Any church growth strategy that doesn’t have this notion of outreach at its core isn’t going to make the kind of impact that we need. People telling other people about your church is what needs to be our focus as we think about reaching our community with the message of Christ.

Small churches can grow.

I recently saw an encouraging statistic from the Presbyterian Church USA that revealed how 40 percent of their fastest growing churches are under 200 people.[ref] Churches of all sizes can grow. This is not simply a phenomenon for the churches that are over 2,000 or 3,000 people. Your church, regardless of its size, can be the kind of place where people invite and welcome their friends.

In fact, there’s evidence in the culture that people are looking for a smaller, more intimate experience. If your church offers that, you have a strategic advantage over the larger churches in town for attracting people who aren’t interested in attending a supersized church.

71 percent of clergy from growing churches read the Bible daily.

This statistic is in contrast to the one that states only 19 percent of clergy in declining churches read their Bibles daily. The personal faith journey of a leader within a church is a critical factor for seeing that church grow. This makes sense; we can only take people to places that we have been before. I deeply believe that the idea of reaching people with the message of Christ and seeing churches grow comes out of a deep relationship with Jesus. If we don’t have that kind of relationship, we’re not going to have the drive and passion to want to see more people get connected.

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One’s failure to take time to focus on one’s own personal relationship with Christ will have a negative impact on the drive to see people connect to the church and ultimately to the gospel.

Growing churches have engaged volunteers.

Some church leaders have been caught in a chicken-and-egg argument around the relationship between engaged volunteers and a growing church. The question goes like this: Do growing churches attract more volunteers, or is it that churches that attract more volunteers are growing? As I’ve journeyed with hundreds of growing churches, there’s a lot of evidence that suggests what comes first is an engaged volunteer core and that we need to start doubling down on getting people engaged in the mission of the church. The belief is that those people will be the folks that go out and bring new people to the church.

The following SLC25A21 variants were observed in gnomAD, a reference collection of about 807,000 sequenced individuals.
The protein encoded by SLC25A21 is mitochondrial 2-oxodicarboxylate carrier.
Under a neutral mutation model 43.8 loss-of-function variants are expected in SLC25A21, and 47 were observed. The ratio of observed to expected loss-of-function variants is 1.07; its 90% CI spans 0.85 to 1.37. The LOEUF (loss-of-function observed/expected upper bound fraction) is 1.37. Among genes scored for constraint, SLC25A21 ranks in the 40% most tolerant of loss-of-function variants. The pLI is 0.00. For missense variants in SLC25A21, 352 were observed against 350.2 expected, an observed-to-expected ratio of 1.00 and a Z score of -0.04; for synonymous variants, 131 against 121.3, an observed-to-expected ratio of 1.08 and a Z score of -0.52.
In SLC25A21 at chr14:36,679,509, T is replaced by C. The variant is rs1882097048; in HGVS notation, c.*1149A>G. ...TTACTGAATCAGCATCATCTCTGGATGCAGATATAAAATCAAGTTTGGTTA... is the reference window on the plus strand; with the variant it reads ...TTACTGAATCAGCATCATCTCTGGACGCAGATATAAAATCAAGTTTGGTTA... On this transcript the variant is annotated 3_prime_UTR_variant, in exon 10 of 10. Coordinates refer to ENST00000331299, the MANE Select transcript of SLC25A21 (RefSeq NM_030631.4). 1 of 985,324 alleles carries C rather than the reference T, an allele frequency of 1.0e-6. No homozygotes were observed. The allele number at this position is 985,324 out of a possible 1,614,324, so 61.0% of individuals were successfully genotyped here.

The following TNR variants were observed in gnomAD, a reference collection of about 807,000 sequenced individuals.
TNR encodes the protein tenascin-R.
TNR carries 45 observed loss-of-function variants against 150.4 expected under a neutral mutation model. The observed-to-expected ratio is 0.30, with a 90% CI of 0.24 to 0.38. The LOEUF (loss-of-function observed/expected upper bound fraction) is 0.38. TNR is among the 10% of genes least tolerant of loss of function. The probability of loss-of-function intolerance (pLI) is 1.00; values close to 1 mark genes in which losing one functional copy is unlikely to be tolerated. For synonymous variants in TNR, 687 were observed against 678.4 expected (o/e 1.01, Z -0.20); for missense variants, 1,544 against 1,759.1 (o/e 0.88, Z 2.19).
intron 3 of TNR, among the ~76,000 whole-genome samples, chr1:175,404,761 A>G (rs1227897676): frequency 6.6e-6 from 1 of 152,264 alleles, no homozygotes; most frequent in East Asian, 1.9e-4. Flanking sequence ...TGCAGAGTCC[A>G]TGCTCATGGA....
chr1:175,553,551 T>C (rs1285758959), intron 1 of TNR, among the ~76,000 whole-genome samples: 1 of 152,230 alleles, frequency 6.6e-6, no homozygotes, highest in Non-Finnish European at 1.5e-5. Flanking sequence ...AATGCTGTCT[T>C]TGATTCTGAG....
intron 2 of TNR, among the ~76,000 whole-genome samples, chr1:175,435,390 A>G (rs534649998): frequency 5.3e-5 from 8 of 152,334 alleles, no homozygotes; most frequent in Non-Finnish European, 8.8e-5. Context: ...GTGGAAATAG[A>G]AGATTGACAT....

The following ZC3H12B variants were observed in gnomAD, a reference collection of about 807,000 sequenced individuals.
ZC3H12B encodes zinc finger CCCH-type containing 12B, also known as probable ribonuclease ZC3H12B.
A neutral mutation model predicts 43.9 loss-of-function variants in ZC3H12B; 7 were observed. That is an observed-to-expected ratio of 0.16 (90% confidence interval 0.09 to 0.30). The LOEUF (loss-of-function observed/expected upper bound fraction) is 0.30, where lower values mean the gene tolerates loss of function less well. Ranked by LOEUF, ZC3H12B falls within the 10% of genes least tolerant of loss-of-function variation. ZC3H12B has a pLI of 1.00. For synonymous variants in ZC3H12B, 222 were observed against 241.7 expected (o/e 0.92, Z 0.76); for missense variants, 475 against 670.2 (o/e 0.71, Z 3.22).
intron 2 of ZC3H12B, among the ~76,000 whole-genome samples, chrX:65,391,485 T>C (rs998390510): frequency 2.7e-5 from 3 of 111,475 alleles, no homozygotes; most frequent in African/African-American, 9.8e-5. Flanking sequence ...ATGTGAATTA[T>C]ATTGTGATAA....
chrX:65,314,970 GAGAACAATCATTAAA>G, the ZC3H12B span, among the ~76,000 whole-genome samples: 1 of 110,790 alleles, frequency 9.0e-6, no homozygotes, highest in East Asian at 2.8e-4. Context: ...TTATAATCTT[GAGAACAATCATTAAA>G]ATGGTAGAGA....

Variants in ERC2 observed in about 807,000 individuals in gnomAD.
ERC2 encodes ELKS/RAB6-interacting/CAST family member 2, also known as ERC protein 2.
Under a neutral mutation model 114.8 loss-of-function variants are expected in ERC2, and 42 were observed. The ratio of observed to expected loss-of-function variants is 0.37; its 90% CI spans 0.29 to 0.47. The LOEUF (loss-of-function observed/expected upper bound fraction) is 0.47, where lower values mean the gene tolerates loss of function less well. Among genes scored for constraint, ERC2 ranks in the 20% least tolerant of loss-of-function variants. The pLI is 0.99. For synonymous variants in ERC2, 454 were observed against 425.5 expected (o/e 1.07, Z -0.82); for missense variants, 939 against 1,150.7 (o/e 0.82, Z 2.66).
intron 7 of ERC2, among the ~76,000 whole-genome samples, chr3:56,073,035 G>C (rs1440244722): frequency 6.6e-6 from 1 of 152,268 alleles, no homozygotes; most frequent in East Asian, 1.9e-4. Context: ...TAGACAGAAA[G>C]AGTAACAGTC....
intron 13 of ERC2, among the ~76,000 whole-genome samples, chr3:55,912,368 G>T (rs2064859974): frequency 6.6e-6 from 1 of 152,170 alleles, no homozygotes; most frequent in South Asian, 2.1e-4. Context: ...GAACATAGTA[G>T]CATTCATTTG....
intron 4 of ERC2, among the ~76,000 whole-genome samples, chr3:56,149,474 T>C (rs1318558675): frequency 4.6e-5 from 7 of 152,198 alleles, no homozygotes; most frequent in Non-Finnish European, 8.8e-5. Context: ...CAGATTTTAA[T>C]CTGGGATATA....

A good benchmark would be that 30 percent of your adults need to be serving regularly in the mission of the church. And this only makes sense. The amount of time, effort, energy and passion that’s required to convert a non-engaged person into an engaged person is going to translate. You will see those people become more fired up for the mission, and then invite their friends and family to church as a result. Let this be the year that you examine what it means, and what it takes, to get more volunteers engaged in the life of your church.

Care and connection are key to church growth.

I know it can be stylish to think that as a church leader your job is to simply preach the message, to cast a vision for the future, and to let the people care for the flock. In fact, there are a lot of church leaders out there that resist the idea of being a shepherding type, preferring to carry the mantle of business leader or CEO. What we see in growing churches, however, is a combination of compelling vision and excellent communication with a deep sense of care and connection to the community.

Growing churches have a robust system for not only getting people connected to the church but also caring for people while they’re with the church. Your church may see flash-in-the-pan growth, but you won’t be able to sustain that long-term without investing a certain amount of care. If you reach people with a wide variety of needs, you’ll need to build a system to figure out how to care for and love those people. The church is a body caring for each other, not merely an entertaining show or a large non-profit organization.

 

This article originally appeared here, and is used by permission.

Rich Birch
Rich serves as Operations Pastor at Liquid Church in the Manhattan facing suburbs of New Jersey. He blogs at UnSeminary.com and is a sought after speaker and consultant on multisite, pastoral productivity and communications.